by Robert B. Reich
Knopf, 279 pp., $26.95
How Star Wars Conquered the Universe: The Past, Present, and Future of a Multibillion Dollar Franchise
Author: Chris Taylor
Publisher: Basic Books
Well ... the seventh Star Wars film will soon be released. And I'm a Star Wars fan. So I must commend this book as an indulgence for any of you who are also Star Wars fans.
And here's just one tidbit -- the original Star Wars plot was influenced in part by Lucas's objection to the heavy-handed U.S. presence in Vietnam. In other words -- at least in some measure -- the Empire was modeled on the United States and the rebels were inspired by the resistance of the North Vietnamese.
In How Star Wars Conquered the Universe, Taylor traces the series from the difficult birth of the original film through its sequels, the franchise's death and rebirth, the prequels, and the preparations for a new trilogy. In no small part, this book is a biography of George Lucas himself./.../
The year’s notable fiction, poetry and nonfiction, selected by the editors of The New York Times Book Review.
Fiction & Poetry
BEATLEBONE. By Kevin Barry. (Doubleday, $24.95.) In razor-sharp prose, Barry’s novel imagines John Lennon in 1978, on a journey through the west of Ireland in search of his creative self, conversing with an Irish driver.
THE BEAUTIFUL BUREAUCRAT. By Helen Phillips. (Holt, $25.) An administrative worker’s experiences pose existential questions in Phillips’s riveting, drolly surreal debut novel./.../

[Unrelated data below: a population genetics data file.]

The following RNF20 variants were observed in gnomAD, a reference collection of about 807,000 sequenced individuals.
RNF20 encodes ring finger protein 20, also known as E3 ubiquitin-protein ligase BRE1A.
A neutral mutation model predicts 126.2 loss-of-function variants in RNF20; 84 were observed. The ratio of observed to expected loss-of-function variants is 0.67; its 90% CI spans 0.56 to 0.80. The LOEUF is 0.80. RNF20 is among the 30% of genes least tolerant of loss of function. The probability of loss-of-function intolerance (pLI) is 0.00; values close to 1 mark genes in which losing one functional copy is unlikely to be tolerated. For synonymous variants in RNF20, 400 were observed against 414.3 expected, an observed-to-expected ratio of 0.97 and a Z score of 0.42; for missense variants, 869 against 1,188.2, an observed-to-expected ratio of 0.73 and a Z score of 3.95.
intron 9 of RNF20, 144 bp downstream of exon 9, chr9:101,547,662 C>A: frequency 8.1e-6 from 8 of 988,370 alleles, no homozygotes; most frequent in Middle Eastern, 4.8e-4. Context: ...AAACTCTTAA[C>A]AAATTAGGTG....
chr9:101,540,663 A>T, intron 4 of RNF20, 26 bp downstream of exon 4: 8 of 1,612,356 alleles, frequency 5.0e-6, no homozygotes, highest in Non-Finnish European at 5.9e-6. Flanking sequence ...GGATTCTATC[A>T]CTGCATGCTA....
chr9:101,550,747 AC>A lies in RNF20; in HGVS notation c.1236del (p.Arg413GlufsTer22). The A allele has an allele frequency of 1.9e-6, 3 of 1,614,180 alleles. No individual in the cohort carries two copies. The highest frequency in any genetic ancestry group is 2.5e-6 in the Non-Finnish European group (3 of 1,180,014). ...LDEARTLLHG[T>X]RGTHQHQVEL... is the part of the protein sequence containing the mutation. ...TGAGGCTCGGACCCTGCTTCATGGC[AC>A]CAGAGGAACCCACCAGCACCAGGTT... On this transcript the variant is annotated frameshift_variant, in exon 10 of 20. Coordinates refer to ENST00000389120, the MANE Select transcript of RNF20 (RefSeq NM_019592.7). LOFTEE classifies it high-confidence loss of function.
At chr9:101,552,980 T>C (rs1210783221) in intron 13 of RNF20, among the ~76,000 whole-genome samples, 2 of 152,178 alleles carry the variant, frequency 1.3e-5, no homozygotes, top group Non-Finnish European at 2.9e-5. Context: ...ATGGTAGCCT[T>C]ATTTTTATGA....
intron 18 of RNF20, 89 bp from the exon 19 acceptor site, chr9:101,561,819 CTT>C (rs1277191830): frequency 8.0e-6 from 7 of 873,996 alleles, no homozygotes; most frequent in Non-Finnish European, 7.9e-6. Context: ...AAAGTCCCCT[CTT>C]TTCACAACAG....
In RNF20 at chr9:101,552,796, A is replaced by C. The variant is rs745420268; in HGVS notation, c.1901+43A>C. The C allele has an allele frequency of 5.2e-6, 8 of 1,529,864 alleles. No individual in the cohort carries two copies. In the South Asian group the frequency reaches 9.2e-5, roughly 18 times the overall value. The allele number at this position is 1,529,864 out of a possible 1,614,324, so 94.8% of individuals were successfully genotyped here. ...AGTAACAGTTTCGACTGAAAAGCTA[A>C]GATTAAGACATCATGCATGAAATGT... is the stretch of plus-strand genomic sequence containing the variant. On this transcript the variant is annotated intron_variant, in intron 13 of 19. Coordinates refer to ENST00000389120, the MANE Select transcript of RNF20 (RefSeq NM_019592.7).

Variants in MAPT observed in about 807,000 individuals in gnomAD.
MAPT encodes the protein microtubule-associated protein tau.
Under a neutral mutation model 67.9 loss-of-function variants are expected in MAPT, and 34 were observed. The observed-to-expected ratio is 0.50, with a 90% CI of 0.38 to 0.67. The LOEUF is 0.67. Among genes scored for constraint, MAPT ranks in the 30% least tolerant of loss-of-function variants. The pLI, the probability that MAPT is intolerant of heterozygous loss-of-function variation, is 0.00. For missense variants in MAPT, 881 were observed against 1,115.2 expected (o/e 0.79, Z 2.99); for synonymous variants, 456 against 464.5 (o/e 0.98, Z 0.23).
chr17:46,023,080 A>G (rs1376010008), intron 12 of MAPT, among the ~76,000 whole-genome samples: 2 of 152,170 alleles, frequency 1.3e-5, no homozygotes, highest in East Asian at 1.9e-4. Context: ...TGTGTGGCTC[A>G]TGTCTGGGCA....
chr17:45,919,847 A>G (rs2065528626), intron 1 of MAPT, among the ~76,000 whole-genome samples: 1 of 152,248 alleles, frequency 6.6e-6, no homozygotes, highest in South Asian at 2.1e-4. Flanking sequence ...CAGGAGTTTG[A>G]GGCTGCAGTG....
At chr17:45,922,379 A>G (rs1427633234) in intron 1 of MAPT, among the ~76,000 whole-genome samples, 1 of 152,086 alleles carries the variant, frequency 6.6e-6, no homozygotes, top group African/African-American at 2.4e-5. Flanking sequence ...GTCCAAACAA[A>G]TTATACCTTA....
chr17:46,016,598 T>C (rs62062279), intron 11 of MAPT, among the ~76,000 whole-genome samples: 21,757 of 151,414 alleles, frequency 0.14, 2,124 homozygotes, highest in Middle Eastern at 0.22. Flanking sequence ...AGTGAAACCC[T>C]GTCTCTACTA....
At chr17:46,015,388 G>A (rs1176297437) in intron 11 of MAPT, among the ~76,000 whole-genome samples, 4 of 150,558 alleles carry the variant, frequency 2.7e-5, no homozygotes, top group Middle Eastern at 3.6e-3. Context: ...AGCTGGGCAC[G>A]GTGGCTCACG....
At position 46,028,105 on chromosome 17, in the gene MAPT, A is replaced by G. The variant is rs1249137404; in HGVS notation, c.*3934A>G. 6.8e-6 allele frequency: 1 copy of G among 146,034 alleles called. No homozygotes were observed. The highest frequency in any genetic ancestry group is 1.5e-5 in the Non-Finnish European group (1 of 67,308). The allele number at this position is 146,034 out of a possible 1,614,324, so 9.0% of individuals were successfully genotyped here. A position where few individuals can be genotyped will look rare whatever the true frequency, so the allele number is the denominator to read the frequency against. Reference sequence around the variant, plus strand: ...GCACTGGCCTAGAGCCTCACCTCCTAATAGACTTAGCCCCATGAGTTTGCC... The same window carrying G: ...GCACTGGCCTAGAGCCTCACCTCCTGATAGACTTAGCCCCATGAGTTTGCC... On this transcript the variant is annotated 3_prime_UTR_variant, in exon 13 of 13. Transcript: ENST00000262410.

|November 24, 2015|
|Scientists at the Institute of Molecular Biology (IMB) in Mainz, Germany have unraveled a complex regulatory mechanism that explains how a single gene, NeuroD1, can drive the formation of brain cells. The research, published in The EMBO Journal, is an important step towards a better understanding of how the brain develops and may lead to breakthroughs in … more…|
|November 25, 2015|
Could we use ant-based rules to program swarms of simple robots to build bridges and other structures by connecting to each other?Researchers from Princeton University and the New Jersey Institute of Technology (NJIT) report for the first time that army ants of the species Eciton hamatum that form “living” bridges across breaks and gaps in the forest floor are more sophisticated than scientists knew. The ants exhibit a level of collective intelligence that could provide new insights … more…